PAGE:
What will 2019 bring us in the world of IT? Is it going to see ground-breaking innovation, or will it be a case of more of the same?
I got together with two of my colleagues to share our thoughts, and to discuss what the year ahead could hold for us.
Folding it up
Let’s start with the topic that gets the headlines: what will gadgets look like in 2019?
“One of the things that’s been talked about a lot is Project Andromeda, which is Microsoft’s upcoming foldable two-in-one device,” says Simon Ashall, Head of Vendor Management. “We’re seeing a resurgence now around this kind of technology: LG, Samsung and Lenovo are all working on foldable phones, and 2019 will see the next steps in the evolution of foldable devices.”
“Once you have a foldable device in your pocket that’s light enough to carry and easy enough to use, and has decent battery life, I think that will drive the next transition,” adds Simon. “It’ll have a big impact on the market – you won’t need an iPad, and if you can connect wirelessly to a screen, a keyboard and a mouse, people will use their phones to do everything.”
“The Microsoft marketing machine is massive, spending hundreds of millions of dollars, which will help other companies as well,” explains Simon. “As soon as Andromeda comes out, that’ll change the landscape on phones – and if Apple hasn’t got a folding device in the lab, they’ll struggle.”
“Andromeda, or whatever it launches as, will start as a niche business product, rather than competing head to head with mobiles,” comments Simon. “But aesthetics drives a lot of what people buy nowadays, and if Microsoft get it right in terms of looks, and the overall solution, then Andromeda could take off quicker than they expect.”
Cloud and subscriptions
I believe that cloud will continue to go from strength to strength in 2019 and I’ve heard it said that expenditure on cloud infrastructure will surpass that of on-premise infrastructure for the first time ever. Certainly, a lot of our customers are shifting their expenditure from on-premise legacy licensing models to cloud – especially SMEs with less than 1,000 users – and this trend will continue this year.
In particular, we’ll see growth in cloud managed services, where partners with the right skillset, such as Total, will manage customers’ infrastructure on an ongoing basis – either where an organisation may have a lack of skills internally, or may want to re-focus their internal IT team and deliver more projects to create business value, while having a specialist deal with the day-to-day management of things like infrastructure.
We've already seen Device as a Service (DaaS) becoming popular, but this trend will continue in 2019 and beyond, as companies look to spread their investment and reduce uncertainty.
Security will also continue to be a driver for cloud, as organisations see Microsoft Azure as a way of adding security and resilience to their infrastructure without adding cost. With GDPR, if the average SME gets hacked it could cost them £500,000 or more, which would force them out of business – cloud is a way of minimising that risk.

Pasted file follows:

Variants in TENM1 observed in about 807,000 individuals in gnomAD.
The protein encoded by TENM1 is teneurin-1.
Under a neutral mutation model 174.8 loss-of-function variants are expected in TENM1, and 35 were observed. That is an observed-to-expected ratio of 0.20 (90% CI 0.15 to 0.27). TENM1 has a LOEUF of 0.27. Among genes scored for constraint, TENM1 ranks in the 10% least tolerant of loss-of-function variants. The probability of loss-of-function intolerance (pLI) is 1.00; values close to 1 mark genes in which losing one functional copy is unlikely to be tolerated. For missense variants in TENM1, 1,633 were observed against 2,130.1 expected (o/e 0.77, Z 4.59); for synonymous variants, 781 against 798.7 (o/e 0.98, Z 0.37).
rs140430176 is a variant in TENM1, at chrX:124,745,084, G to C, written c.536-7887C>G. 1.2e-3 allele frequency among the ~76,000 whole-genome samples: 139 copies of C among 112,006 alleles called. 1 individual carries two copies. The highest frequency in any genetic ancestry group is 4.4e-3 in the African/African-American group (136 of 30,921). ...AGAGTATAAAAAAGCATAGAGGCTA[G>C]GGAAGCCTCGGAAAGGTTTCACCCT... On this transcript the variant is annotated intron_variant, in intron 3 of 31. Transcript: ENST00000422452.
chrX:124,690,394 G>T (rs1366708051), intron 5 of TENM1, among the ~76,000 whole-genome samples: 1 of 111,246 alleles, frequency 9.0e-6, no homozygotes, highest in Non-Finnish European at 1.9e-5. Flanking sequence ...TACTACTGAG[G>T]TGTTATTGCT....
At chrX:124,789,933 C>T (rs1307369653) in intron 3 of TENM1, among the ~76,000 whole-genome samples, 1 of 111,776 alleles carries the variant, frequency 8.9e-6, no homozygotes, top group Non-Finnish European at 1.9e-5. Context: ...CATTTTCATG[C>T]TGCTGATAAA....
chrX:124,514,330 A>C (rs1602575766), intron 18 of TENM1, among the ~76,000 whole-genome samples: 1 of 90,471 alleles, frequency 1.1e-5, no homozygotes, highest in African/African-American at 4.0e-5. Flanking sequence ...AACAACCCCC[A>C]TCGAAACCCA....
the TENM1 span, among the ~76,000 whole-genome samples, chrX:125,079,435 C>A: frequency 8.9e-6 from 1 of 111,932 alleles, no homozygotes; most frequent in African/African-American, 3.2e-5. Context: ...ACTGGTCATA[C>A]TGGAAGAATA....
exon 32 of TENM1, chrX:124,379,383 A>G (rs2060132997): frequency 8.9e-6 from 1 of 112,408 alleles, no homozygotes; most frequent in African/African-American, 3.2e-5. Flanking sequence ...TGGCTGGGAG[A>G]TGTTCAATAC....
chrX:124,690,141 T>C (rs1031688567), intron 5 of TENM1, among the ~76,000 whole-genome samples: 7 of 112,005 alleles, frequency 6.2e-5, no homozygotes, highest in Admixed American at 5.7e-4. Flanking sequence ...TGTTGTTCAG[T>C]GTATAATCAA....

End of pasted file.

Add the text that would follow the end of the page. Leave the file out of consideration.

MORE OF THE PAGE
Talk it out: AI and voice
We’ve all become used to Alexa, Siri and other voice assistants – and this kind of AI will continue to thrive. As the technology improves, and the accuracy of voice recognition gets better, then we’ll see dictation becoming mainstream.
“The potential of voice at work is huge, but people aren’t using it yet – not everyone knows that you can dictate an email on your laptop now,” says David Skinner, Microsoft Cloud and Solution Specialist. “The underlying AI behind voice recognition has come a long way, but will continue to get significantly better – and increasingly you’ll see people talking into their phones, rather than typing a text.”
“The mouse is dead, and it won’t be long until the keyboard follows,” predicts David. “Voice recognition is impressively accurate already, and dictating and transcribing can be huge timesavers.”
Away from voice, AI is making huge strides in many areas, and David adds, “Microsoft is encouraging businesses to develop their own applications which utilise the AI capabilities within Azure itself – which will be big.”
Digitalisation an essential
Yes, it’s a buzzword, but digitalisation will be even bigger this year than it already is. As Simon states, “Every business needs to keep up, and to take digitalisation seriously: they need to ensure they’re in the digital world and are ready, so their customers can have a positive experience on their platform. If they can’t and someone else can, they’re done – businesses have got three years to get this right, before it’s too late.”
People are increasingly coming to expect simple, easy to use digital products: whether that’s checking your credit card balance with an app on your phone, or one click on-line shopping.
David adds, “Paying in cheques is a big thing for me – I hate having to go to the bank. HSBC’s app lets me take a photo of a cheque and submit that, and being able to do all my banking from a single app is fantastic.”
“Any company that can’t analyse and react to all the data related to their business, including social media, is going to be in trouble,” says Simon. “If you can keep your customers happy by understanding all the data around them, then you’ll be able to outperform your competition.”
If you'd like to discuss your IT strategy or find out more about any of the areas discussed above speak to your account manager or contact us.